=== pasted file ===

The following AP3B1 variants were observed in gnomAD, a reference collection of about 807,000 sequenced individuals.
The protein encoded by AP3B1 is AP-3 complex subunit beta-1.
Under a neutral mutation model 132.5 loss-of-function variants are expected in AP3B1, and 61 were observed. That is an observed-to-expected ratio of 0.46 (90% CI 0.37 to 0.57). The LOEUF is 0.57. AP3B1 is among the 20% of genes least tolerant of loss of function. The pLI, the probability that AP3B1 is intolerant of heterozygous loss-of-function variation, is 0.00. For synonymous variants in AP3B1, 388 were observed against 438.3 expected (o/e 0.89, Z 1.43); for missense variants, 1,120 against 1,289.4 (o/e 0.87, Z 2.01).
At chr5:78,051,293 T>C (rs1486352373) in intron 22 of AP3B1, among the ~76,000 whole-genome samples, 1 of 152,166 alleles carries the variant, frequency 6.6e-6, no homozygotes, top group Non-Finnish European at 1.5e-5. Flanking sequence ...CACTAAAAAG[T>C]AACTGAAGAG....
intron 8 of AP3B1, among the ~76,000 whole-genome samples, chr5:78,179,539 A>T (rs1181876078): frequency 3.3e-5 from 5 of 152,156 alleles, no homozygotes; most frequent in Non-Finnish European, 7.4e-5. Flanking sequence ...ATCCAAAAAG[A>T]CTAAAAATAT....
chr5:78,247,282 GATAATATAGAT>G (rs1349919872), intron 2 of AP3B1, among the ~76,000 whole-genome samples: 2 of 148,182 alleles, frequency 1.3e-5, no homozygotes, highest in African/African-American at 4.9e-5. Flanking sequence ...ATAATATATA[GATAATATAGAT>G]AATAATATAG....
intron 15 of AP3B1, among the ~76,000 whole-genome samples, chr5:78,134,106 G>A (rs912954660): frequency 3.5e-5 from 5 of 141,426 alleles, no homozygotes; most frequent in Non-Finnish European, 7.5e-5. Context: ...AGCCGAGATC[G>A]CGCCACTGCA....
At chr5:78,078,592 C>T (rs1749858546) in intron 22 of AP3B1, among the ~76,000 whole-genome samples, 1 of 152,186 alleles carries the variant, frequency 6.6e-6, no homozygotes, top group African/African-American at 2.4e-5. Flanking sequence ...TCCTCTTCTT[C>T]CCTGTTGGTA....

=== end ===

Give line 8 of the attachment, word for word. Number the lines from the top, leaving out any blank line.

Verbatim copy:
At chr5:78,078,592 C>T (rs1749858546) in intron 22 of AP3B1, among the ~76,000 whole-genome samples, 1 of 152,186 alleles carries the variant, frequency 6.6e-6, no homozygotes, top group African/African-American at 2.4e-5. Flanking sequence ...TCCTCTTCTT[C>T]CCTGTTGGTA....